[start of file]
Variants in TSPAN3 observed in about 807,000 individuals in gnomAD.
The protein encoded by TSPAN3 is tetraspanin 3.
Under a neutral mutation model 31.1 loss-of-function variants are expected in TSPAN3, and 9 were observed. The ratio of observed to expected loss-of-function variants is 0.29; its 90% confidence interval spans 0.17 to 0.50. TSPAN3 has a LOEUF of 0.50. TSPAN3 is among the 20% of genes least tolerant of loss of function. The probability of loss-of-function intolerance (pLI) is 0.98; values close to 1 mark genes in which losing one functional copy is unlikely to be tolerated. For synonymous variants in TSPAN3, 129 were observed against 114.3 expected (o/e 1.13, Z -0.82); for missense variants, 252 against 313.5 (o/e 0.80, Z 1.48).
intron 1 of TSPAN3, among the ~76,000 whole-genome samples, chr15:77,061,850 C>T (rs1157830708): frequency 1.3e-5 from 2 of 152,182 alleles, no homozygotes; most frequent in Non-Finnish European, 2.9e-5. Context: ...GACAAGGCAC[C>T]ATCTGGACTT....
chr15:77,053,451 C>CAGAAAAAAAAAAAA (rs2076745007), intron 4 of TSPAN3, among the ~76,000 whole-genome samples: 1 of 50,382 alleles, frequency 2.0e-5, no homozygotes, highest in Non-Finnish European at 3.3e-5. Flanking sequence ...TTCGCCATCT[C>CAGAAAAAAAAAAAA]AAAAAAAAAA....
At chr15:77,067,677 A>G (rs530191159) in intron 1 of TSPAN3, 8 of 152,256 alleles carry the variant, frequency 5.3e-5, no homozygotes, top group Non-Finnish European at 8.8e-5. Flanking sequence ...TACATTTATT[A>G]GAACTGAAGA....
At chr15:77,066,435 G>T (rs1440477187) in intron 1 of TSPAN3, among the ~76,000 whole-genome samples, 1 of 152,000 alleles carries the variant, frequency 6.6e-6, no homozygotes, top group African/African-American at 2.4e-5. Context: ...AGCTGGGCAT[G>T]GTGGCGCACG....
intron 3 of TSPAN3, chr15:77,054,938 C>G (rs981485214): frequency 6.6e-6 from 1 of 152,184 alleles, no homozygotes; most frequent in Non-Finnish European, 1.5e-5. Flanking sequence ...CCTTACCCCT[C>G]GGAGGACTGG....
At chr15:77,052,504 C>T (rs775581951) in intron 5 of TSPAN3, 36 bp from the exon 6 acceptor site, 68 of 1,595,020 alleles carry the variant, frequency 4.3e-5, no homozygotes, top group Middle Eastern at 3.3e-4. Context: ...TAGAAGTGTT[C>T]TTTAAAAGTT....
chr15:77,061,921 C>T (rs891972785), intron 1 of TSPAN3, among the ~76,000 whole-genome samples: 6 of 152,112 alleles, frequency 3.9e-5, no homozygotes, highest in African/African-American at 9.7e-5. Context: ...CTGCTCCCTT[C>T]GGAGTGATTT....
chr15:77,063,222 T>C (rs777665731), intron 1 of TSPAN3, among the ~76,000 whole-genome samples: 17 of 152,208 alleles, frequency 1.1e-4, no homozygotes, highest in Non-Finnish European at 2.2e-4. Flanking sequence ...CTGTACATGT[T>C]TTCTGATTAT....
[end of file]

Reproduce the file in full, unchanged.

Variants in TSPAN3 observed in about 807,000 individuals in gnomAD.
The protein encoded by TSPAN3 is tetraspanin 3.
Under a neutral mutation model 31.1 loss-of-function variants are expected in TSPAN3, and 9 were observed. The ratio of observed to expected loss-of-function variants is 0.29; its 90% confidence interval spans 0.17 to 0.50. TSPAN3 has a LOEUF of 0.50. TSPAN3 is among the 20% of genes least tolerant of loss of function. The probability of loss-of-function intolerance (pLI) is 0.98; values close to 1 mark genes in which losing one functional copy is unlikely to be tolerated. For synonymous variants in TSPAN3, 129 were observed against 114.3 expected (o/e 1.13, Z -0.82); for missense variants, 252 against 313.5 (o/e 0.80, Z 1.48).
intron 1 of TSPAN3, among the ~76,000 whole-genome samples, chr15:77,061,850 C>T (rs1157830708): frequency 1.3e-5 from 2 of 152,182 alleles, no homozygotes; most frequent in Non-Finnish European, 2.9e-5. Context: ...GACAAGGCAC[C>T]ATCTGGACTT....
chr15:77,053,451 C>CAGAAAAAAAAAAAA (rs2076745007), intron 4 of TSPAN3, among the ~76,000 whole-genome samples: 1 of 50,382 alleles, frequency 2.0e-5, no homozygotes, highest in Non-Finnish European at 3.3e-5. Flanking sequence ...TTCGCCATCT[C>CAGAAAAAAAAAAAA]AAAAAAAAAA....
At chr15:77,067,677 A>G (rs530191159) in intron 1 of TSPAN3, 8 of 152,256 alleles carry the variant, frequency 5.3e-5, no homozygotes, top group Non-Finnish European at 8.8e-5. Flanking sequence ...TACATTTATT[A>G]GAACTGAAGA....
At chr15:77,066,435 G>T (rs1440477187) in intron 1 of TSPAN3, among the ~76,000 whole-genome samples, 1 of 152,000 alleles carries the variant, frequency 6.6e-6, no homozygotes, top group African/African-American at 2.4e-5. Context: ...AGCTGGGCAT[G>T]GTGGCGCACG....
intron 3 of TSPAN3, chr15:77,054,938 C>G (rs981485214): frequency 6.6e-6 from 1 of 152,184 alleles, no homozygotes; most frequent in Non-Finnish European, 1.5e-5. Flanking sequence ...CCTTACCCCT[C>G]GGAGGACTGG....
At chr15:77,052,504 C>T (rs775581951) in intron 5 of TSPAN3, 36 bp from the exon 6 acceptor site, 68 of 1,595,020 alleles carry the variant, frequency 4.3e-5, no homozygotes, top group Middle Eastern at 3.3e-4. Context: ...TAGAAGTGTT[C>T]TTTAAAAGTT....
chr15:77,061,921 C>T (rs891972785), intron 1 of TSPAN3, among the ~76,000 whole-genome samples: 6 of 152,112 alleles, frequency 3.9e-5, no homozygotes, highest in African/African-American at 9.7e-5. Context: ...CTGCTCCCTT[C>T]GGAGTGATTT....
chr15:77,063,222 T>C (rs777665731), intron 1 of TSPAN3, among the ~76,000 whole-genome samples: 17 of 152,208 alleles, frequency 1.1e-4, no homozygotes, highest in Non-Finnish European at 2.2e-4. Flanking sequence ...CTGTACATGT[T>C]TTCTGATTAT....